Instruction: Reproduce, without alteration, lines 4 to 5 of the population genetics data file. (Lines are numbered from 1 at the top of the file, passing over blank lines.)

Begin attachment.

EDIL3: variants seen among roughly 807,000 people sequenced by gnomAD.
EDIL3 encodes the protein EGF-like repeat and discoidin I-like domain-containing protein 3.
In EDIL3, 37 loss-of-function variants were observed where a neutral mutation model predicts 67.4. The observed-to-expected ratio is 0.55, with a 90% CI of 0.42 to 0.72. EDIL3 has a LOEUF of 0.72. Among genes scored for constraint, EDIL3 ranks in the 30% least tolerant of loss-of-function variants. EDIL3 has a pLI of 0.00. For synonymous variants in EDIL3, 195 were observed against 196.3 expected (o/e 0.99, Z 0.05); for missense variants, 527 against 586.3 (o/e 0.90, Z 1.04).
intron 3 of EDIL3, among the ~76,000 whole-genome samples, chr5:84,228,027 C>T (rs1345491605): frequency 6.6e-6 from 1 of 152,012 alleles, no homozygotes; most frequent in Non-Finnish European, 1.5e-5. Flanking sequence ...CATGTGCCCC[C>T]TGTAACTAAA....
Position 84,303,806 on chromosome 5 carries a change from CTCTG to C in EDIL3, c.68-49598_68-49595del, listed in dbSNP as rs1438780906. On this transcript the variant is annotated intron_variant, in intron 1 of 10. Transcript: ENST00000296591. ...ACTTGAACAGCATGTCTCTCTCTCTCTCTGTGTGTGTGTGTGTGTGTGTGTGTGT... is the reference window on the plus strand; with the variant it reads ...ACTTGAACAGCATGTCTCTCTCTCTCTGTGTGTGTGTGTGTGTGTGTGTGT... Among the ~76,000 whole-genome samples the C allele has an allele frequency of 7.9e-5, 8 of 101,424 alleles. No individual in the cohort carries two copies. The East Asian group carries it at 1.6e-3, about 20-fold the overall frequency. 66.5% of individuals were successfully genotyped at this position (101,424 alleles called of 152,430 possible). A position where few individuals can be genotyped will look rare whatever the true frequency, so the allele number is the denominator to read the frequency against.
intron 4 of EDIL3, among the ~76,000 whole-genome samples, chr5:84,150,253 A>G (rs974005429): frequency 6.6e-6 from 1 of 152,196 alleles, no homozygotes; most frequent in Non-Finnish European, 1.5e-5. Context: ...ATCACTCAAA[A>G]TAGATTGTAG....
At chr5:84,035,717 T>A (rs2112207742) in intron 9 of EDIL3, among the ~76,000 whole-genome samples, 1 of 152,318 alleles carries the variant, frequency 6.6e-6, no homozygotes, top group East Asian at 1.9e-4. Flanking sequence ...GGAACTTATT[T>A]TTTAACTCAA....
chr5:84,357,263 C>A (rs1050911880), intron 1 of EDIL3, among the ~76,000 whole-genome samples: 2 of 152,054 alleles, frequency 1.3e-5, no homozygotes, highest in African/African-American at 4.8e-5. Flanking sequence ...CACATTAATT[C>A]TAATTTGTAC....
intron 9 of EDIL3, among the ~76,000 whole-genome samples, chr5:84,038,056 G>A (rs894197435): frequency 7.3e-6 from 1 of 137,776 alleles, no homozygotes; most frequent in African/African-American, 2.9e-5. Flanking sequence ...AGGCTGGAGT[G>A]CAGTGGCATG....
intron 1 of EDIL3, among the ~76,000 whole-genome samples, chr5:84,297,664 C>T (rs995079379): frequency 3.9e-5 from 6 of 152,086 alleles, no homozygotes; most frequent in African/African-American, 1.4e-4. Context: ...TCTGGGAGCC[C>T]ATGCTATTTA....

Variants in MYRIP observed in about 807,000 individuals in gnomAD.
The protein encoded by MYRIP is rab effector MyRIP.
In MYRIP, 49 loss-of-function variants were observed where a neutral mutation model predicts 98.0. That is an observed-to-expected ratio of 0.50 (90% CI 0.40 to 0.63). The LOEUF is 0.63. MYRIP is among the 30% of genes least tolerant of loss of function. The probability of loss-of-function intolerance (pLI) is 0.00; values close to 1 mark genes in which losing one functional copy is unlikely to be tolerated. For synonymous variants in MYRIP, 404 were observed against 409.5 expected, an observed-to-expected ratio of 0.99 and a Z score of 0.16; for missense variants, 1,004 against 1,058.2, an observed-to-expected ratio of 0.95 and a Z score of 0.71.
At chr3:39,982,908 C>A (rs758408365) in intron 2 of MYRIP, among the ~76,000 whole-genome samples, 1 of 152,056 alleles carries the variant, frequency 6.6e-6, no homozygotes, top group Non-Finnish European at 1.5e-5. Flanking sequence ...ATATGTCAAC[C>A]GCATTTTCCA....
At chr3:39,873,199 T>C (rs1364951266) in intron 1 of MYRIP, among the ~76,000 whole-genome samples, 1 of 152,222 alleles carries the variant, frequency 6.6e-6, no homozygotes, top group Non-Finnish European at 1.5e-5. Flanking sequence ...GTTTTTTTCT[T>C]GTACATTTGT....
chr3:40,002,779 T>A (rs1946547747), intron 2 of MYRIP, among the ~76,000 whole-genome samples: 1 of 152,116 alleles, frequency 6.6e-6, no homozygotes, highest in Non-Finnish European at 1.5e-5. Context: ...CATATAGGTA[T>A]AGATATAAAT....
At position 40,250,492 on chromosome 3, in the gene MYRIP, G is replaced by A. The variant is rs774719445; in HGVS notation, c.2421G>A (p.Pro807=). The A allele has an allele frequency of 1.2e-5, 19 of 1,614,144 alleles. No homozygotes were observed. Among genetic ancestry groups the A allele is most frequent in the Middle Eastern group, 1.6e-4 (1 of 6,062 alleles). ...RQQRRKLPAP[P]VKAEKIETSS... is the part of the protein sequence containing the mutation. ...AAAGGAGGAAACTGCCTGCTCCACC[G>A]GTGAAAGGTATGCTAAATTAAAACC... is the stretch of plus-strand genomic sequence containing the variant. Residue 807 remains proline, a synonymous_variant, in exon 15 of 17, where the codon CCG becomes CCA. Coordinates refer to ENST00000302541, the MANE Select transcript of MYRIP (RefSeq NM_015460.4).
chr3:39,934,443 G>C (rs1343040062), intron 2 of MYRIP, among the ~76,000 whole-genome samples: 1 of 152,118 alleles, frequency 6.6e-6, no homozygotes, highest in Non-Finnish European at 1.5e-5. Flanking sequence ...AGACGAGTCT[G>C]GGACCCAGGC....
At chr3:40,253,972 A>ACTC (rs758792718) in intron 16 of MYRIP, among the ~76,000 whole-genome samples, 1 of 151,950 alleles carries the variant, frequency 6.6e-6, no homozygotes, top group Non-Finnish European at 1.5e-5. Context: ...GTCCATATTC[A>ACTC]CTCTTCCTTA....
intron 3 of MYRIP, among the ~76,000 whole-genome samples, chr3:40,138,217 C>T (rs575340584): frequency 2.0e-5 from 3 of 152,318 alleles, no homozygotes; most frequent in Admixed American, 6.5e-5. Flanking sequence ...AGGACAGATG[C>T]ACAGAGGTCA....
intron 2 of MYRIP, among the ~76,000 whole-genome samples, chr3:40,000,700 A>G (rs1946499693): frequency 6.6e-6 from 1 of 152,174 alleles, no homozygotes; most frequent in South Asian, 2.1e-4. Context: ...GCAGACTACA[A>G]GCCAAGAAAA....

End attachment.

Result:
intron 3 of EDIL3, among the ~76,000 whole-genome samples, chr5:84,228,027 C>T (rs1345491605): frequency 6.6e-6 from 1 of 152,012 alleles, no homozygotes; most frequent in Non-Finnish European, 1.5e-5. Flanking sequence ...CATGTGCCCC[C>T]TGTAACTAAA....
Position 84,303,806 on chromosome 5 carries a change from CTCTG to C in EDIL3, c.68-49598_68-49595del, listed in dbSNP as rs1438780906. On this transcript the variant is annotated intron_variant, in intron 1 of 10. Transcript: ENST00000296591. ...ACTTGAACAGCATGTCTCTCTCTCTCTCTGTGTGTGTGTGTGTGTGTGTGTGTGT... is the reference window on the plus strand; with the variant it reads ...ACTTGAACAGCATGTCTCTCTCTCTCTGTGTGTGTGTGTGTGTGTGTGTGT... Among the ~76,000 whole-genome samples the C allele has an allele frequency of 7.9e-5, 8 of 101,424 alleles. No individual in the cohort carries two copies. The East Asian group carries it at 1.6e-3, about 20-fold the overall frequency. 66.5% of individuals were successfully genotyped at this position (101,424 alleles called of 152,430 possible). A position where few individuals can be genotyped will look rare whatever the true frequency, so the allele number is the denominator to read the frequency against.